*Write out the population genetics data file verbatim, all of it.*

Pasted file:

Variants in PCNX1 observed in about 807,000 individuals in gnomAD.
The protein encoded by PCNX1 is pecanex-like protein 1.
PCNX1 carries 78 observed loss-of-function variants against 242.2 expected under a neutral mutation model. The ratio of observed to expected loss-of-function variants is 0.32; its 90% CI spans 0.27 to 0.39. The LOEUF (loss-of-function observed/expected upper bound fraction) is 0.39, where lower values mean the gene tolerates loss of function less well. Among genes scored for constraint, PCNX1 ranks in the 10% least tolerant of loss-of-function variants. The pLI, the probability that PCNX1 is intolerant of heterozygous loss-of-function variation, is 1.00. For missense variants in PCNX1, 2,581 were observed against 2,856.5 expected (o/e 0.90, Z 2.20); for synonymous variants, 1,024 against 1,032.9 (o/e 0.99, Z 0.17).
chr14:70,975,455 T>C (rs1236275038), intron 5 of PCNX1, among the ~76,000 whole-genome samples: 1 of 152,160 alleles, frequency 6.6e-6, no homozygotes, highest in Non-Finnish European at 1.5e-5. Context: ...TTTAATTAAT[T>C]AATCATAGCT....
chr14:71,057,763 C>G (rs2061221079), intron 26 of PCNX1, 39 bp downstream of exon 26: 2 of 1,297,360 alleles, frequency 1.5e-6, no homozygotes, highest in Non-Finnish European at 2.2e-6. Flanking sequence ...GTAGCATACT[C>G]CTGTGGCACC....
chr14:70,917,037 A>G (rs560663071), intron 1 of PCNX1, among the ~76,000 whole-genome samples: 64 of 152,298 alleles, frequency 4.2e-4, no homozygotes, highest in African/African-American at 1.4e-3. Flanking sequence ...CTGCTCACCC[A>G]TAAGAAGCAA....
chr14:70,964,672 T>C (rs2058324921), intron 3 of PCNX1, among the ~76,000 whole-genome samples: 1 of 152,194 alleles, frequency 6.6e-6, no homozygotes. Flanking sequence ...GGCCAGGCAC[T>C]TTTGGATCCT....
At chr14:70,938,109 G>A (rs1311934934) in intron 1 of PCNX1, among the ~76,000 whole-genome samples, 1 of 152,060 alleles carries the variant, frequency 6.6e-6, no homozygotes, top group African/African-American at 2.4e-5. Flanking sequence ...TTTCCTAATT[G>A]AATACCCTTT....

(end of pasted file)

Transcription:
Variants in PCNX1 observed in about 807,000 individuals in gnomAD.
The protein encoded by PCNX1 is pecanex-like protein 1.
PCNX1 carries 78 observed loss-of-function variants against 242.2 expected under a neutral mutation model. The ratio of observed to expected loss-of-function variants is 0.32; its 90% CI spans 0.27 to 0.39. The LOEUF (loss-of-function observed/expected upper bound fraction) is 0.39, where lower values mean the gene tolerates loss of function less well. Among genes scored for constraint, PCNX1 ranks in the 10% least tolerant of loss-of-function variants. The pLI, the probability that PCNX1 is intolerant of heterozygous loss-of-function variation, is 1.00. For missense variants in PCNX1, 2,581 were observed against 2,856.5 expected (o/e 0.90, Z 2.20); for synonymous variants, 1,024 against 1,032.9 (o/e 0.99, Z 0.17).
chr14:70,975,455 T>C (rs1236275038), intron 5 of PCNX1, among the ~76,000 whole-genome samples: 1 of 152,160 alleles, frequency 6.6e-6, no homozygotes, highest in Non-Finnish European at 1.5e-5. Context: ...TTTAATTAAT[T>C]AATCATAGCT....
chr14:71,057,763 C>G (rs2061221079), intron 26 of PCNX1, 39 bp downstream of exon 26: 2 of 1,297,360 alleles, frequency 1.5e-6, no homozygotes, highest in Non-Finnish European at 2.2e-6. Flanking sequence ...GTAGCATACT[C>G]CTGTGGCACC....
chr14:70,917,037 A>G (rs560663071), intron 1 of PCNX1, among the ~76,000 whole-genome samples: 64 of 152,298 alleles, frequency 4.2e-4, no homozygotes, highest in African/African-American at 1.4e-3. Flanking sequence ...CTGCTCACCC[A>G]TAAGAAGCAA....
chr14:70,964,672 T>C (rs2058324921), intron 3 of PCNX1, among the ~76,000 whole-genome samples: 1 of 152,194 alleles, frequency 6.6e-6, no homozygotes. Flanking sequence ...GGCCAGGCAC[T>C]TTTGGATCCT....
At chr14:70,938,109 G>A (rs1311934934) in intron 1 of PCNX1, among the ~76,000 whole-genome samples, 1 of 152,060 alleles carries the variant, frequency 6.6e-6, no homozygotes, top group African/African-American at 2.4e-5. Flanking sequence ...TTTCCTAATT[G>A]AATACCCTTT....